9. Any good instructor will only start charging when the machine is ready to fly. Warm up can vary greatly between a hot day when the machine has just been flown compared to a cold day and the first start. As any good instructor is more interested in your education than income, if you think you are getting ripped off you are at the wrong school. I fly a bell 47 G4 and there is no hobs system that I know of approved to attach to the collective. So being the honest guy I am I note time when the machine is ready to fly. Also I expect my student to keep track of there own flight time as they should be making there own log book enteries. Training should always mirror the job site, so take a pen, get a small not book and take down the time, as a pilot should. Just my opinion
  10. Thanks for all the kind words. Its a lot of work but no pain no gain. Let me answer some of your questions. I Dropped a question and look what I started. Seems some of you take this forum very seriously. So 269, let me say you seem very bitter, I ask an anonimus questions and you can't seem to stop talkin. You seem very intersted in my endever so heres the basics. I have 27 flight test recomends, with only 3 partial re-tests. I have busted my *** for 3 years to put the system I use together. I work day and nite to provide a top quality training course. I learned my trade from some very talented people, anything I teach came from a lesson I was taught. Guys like Doug Parrish, A-star Eric in penticton, John Kenedy, Rick and Terry Churcott. and of course the guy who had to yell, RIGHT PEDDAL, **** Wood. I think if they took the time to tell me, it must have been important. No I don't think I've got it all figured out, because Craig Joiner taught me some things not to long ago. But you know what I think, the coments from those who have seen my product speeks for its self. Any one who has flown a 47 G4 will tell you about its power and speed. They used to shake block with them at VIH. I leave skid marks at 6000 feet, its a great machine, and for $500 you can enjoy an hour of GSKYs time. The comment I made about the coffee is in reference to the fact I will take the one on one time the students need . You are always welcome to come and see for yourself. Then by all means talk all you like. thanks again for all the encuragement I guess buyin all those rounds has finaly pain off. Rob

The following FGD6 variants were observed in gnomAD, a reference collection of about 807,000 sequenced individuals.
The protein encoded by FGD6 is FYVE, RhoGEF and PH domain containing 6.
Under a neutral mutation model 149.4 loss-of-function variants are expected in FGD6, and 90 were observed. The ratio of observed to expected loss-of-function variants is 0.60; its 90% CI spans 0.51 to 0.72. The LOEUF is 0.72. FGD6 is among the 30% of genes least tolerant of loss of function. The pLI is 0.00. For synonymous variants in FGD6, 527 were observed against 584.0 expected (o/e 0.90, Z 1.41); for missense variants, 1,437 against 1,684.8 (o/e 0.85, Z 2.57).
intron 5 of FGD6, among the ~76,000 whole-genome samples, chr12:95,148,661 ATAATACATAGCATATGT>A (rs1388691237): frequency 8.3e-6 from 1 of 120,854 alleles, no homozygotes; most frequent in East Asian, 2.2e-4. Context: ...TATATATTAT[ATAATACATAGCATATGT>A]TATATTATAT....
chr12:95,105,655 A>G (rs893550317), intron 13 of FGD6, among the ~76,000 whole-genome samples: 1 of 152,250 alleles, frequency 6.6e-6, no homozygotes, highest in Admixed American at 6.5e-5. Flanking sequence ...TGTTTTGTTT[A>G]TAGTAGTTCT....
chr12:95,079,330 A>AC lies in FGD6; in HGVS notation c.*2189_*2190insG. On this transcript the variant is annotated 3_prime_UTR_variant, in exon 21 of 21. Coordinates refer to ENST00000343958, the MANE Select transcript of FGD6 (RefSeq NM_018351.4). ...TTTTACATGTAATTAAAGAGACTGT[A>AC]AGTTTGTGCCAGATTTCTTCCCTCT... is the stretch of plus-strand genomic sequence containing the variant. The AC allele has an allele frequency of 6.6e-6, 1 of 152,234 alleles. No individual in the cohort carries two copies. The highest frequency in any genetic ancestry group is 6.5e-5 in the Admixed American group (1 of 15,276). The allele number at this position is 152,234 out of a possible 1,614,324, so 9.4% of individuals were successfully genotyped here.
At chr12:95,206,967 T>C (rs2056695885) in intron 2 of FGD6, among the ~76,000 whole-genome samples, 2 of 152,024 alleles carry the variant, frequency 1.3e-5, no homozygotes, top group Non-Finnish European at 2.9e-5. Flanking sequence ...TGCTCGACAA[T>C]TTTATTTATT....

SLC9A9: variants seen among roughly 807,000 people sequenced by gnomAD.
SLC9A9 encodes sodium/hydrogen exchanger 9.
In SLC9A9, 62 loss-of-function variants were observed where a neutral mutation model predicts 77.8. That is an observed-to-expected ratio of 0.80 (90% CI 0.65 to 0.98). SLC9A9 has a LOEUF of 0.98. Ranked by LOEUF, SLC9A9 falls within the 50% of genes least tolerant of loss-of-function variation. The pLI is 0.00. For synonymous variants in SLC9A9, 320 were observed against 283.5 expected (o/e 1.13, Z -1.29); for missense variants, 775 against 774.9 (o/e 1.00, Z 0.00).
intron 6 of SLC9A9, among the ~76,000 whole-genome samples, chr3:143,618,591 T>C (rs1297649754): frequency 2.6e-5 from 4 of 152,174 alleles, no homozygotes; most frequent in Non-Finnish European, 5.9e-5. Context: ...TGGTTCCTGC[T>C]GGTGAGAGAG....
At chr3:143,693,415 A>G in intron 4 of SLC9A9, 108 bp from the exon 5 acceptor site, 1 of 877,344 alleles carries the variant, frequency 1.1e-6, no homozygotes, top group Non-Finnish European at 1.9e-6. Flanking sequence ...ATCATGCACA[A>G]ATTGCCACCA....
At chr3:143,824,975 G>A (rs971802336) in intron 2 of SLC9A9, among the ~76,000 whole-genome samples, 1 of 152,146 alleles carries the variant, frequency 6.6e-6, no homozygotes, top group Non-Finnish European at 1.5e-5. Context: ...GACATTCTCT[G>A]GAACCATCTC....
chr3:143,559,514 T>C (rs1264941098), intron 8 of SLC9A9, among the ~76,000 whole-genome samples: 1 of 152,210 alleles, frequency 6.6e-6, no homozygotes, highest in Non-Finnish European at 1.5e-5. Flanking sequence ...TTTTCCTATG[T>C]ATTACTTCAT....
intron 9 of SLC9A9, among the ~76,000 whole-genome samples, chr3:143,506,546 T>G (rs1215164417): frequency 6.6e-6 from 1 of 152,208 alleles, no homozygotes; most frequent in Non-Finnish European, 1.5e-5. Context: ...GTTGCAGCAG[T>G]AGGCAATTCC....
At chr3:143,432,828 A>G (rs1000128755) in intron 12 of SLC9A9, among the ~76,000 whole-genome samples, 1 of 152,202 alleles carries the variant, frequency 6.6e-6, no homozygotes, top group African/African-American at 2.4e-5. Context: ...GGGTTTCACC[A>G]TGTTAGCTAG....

11. If me and my doctor switched places for the day who do you think would kill some-one first. People die in helicopters in seconds, there is no chance for some one to step in and fix your mistake. To be a doctor you must serve an internship. But when you are sent out for the day to fly no one can supervise you. To ba an plumber you need a 4 year apprentiship. you are asking a company for thier million $ machine, there reputation, and insurance rate. I was there, I turned a dispatching job into an AME apprentiship, got a raise, maintenance flights, then the full gig. Thats when the fun realy started. Low time guys break ships, scare customers, and generaly are a pain in the ***. I paid the price because the High Timers made me. and you know what, those same guys made me a pilot. $50,000 doesn't mean you are a pilot. Some one has to take the time to teach you, and there fore you have to wash his toilet until he's done teaching you. Moneys tight, nothings free! The reason you have to do the @#$% jobs is simple. There are 100 other guys standing behind you for every 1 entry level flying job. Supply and demand. Yes our industry needs pilots, no offence but until you know what the job is you can't have one. If you think pushing a broom in a warm hanger is hard try sleeping in a tent and bathing in a lake with chunks of ice still floating around. The job of a low timer is to learn his trade, there is such a difference between being a pilot and knowing how to fly a helicopter. The hands and feet are not the part that matters, the difference between safe and dangerious is all between the ears. If you were ready to fly full time some one would send you out. But until you can prove you realy want it, you can just watchem fly by. Your school should have prepared you better, some give you a licence, some give you more. Good Luck and never give up! Rob